Iran claimed throughout the day that the sabotage failed and caused no damage or casualties.
A number of new generation Iranian centrifuges are seen on display during Iran’s National Nuclear Energy Day in Tehran
(photo credit: IRANIAN PRESIDENCY OFFICE/WANA (WEST ASIA NEWS AGENCY)/HANDOUT VIA REUTERS)
A sabotage operation against one of the buildings of Iran’s Atomic Energy Organization (IAEO) caused major damage – despite Iranian denials, The Jerusalem Post learned on Wednesday night.
Although Iran has claimed throughout the day that the sabotage failed and caused no damage or casualties, the Post has been given strong indications otherwise, though it has no way to independently confirm.
The incident is said to be under investigation by Iranian authorities. It is as of yet unclear how the attack was carried out.
The Iranian Mehr News Agency reported on Wednesday that a quadcopter was used in the attempt to sabotage a building at the AEO, but failed and was eventually shot down.
Earlier in the day, the Iranian ILNA news agency reported that a drone attack targeted the Barakat Pharmaceutical Industries complex in Karaj, which is developing a coronavirus vaccine, but subsequently removed the report from their website.
ILNA editor Fatemeh Mahdiani tweeted that the report was removed after a security agency called the news agency and informed them that the target was the AEO building located next to the Barakat complex, and that no damage had been caused.
An informed source from the Khatam al-Anbia Joint Air Defense Base later denied that the incident was a drone attack, telling Iranian media that it was likely an act of sabotage.
Despite Iranian claims on Wednesday, both in July 2020 and April 2021, the Islamic Republic initially lied to the global media in trying to downplay sabotage operations of key nuclear facilities at Natanz.
In both cases, Iranian officials initially claimed that the damage was minor and a routine accident.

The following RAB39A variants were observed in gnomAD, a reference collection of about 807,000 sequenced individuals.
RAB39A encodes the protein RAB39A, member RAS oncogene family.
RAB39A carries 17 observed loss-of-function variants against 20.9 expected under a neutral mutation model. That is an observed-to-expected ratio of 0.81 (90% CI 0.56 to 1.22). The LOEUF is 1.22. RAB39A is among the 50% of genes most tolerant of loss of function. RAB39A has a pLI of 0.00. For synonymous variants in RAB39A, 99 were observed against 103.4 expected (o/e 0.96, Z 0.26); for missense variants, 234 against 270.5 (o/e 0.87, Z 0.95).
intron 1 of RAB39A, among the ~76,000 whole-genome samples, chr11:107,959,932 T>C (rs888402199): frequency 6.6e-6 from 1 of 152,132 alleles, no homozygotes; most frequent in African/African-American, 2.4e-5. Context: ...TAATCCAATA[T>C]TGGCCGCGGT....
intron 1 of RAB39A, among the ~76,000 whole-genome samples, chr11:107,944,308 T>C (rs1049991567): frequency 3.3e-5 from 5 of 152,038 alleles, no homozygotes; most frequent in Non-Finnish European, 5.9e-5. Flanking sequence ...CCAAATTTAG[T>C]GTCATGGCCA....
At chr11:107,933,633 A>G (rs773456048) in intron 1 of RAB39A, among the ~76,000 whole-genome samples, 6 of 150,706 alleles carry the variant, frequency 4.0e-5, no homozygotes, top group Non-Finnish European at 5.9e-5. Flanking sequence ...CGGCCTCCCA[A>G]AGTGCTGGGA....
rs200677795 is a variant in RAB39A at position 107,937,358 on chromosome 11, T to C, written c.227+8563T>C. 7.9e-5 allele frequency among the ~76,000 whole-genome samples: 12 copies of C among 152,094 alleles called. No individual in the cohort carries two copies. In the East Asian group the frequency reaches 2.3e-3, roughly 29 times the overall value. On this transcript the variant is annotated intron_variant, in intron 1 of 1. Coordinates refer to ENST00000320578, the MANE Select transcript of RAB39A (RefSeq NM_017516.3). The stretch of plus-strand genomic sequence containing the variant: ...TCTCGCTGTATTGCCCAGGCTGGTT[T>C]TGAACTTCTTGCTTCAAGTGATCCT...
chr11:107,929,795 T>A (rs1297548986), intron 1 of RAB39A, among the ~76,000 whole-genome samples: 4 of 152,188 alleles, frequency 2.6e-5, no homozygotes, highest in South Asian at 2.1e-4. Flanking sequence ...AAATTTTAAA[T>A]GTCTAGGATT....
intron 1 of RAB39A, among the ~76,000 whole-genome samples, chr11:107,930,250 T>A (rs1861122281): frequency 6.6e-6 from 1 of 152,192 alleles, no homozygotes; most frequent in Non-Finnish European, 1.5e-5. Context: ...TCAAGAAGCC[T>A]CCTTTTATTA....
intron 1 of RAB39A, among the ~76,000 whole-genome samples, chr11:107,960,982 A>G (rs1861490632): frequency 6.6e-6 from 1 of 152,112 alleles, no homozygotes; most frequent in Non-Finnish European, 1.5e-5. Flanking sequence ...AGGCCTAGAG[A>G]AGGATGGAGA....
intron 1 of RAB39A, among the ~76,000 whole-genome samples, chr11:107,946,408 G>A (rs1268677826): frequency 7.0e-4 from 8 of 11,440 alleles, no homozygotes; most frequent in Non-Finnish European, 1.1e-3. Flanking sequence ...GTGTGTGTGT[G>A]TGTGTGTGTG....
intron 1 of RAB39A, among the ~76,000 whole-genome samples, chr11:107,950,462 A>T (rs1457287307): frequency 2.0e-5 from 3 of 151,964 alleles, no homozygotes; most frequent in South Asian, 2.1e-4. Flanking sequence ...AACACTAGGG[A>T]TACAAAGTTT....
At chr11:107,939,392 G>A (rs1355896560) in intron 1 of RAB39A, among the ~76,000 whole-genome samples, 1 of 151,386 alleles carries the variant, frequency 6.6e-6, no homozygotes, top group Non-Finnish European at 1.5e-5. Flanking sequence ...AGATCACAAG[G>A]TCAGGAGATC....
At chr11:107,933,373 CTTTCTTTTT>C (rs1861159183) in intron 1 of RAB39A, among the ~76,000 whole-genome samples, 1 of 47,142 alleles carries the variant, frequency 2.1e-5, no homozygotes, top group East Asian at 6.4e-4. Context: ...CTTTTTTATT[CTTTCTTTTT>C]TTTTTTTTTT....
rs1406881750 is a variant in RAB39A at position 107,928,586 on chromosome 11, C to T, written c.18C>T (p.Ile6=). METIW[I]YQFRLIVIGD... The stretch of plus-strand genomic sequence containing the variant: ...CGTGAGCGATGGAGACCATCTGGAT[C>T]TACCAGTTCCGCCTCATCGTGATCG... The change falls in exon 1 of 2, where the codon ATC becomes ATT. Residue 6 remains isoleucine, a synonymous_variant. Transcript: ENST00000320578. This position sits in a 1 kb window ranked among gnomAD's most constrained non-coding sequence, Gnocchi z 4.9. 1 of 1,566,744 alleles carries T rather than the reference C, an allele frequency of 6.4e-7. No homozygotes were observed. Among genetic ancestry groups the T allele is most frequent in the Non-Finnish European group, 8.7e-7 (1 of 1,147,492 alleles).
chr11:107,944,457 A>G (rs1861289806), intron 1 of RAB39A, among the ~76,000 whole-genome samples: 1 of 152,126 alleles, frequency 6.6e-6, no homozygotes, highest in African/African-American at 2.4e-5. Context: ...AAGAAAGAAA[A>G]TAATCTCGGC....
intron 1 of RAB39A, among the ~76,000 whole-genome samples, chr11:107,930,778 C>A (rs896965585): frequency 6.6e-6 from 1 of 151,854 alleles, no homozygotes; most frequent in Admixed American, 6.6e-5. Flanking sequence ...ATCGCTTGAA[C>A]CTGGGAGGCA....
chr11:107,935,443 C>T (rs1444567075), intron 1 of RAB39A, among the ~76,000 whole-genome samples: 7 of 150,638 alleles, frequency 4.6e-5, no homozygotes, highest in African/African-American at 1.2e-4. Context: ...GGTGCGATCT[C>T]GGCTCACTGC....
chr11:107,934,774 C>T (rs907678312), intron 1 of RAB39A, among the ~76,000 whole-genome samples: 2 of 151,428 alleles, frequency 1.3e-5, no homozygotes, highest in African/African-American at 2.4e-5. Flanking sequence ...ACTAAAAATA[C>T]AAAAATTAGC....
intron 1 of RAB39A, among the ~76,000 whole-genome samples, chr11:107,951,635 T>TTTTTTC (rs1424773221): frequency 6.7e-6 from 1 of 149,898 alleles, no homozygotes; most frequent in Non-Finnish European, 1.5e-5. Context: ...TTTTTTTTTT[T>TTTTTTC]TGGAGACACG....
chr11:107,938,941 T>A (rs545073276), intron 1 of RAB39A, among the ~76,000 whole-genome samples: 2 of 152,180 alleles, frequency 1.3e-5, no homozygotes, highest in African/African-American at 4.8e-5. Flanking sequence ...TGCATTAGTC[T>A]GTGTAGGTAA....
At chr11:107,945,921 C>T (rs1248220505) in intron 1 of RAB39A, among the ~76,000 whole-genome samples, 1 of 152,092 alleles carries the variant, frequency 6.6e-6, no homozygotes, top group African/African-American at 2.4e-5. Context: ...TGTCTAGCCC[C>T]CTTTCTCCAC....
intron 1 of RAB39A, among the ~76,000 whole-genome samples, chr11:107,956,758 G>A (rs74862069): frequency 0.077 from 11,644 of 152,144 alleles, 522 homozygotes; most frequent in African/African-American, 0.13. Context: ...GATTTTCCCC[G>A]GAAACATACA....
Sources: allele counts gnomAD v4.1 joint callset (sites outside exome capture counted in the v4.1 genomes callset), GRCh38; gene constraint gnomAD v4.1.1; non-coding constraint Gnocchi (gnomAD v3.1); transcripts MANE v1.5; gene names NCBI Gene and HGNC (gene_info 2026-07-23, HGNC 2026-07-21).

These officials admitted that Iran’s centrifuge program for enriching uranium was massively set back only several days after the two Natanz incidents, when The Post and others reported the real full extent of the damage.
Both operations were attributed by foreign sources to the Mossad, which the Post was able to validate.
The update regarding the IAEO facility comes at a sensitive time for Tehran.
On one hand, the US, Iran and the world powers recently finished a sixth round of negotiations in Vienna to resolve the nuclear standoff, with no new meetings yet scheduled.
Leaks from all parties to the negotiations suggest that the sides could reach a deal between now and mid-August when a new Iranian administration takes power.
However, there are clearly still differences between them, and this latest incident could either undermine Iran’s negotiating position or undermine trust between the parties – regardless of who might be responsible.
In addition, Ebrahim Raisi was declared the winner of Iran’s presidential race on Saturday and he has been giving speeches and trying to project a powerful image on the world stage.
This latest incident could undermine his efforts to roll out his aura of strength – or could empower him to clean out political rivals from the outgoing administration.
The incident also comes just days after Iran’s Bushehr Nuclear Power Plant underwent an emergency shutdown.
The IAEO reported that a technical defect led to the power plant being temporarily shut down and disconnected from the national electricity grid, according to the Iranian Fars News Agency.
The organization stated that the plant would be reconnected to the electricity grid in a matter of days.
As of Tuesday, repairs at the Bushehr power plant were still ongoing.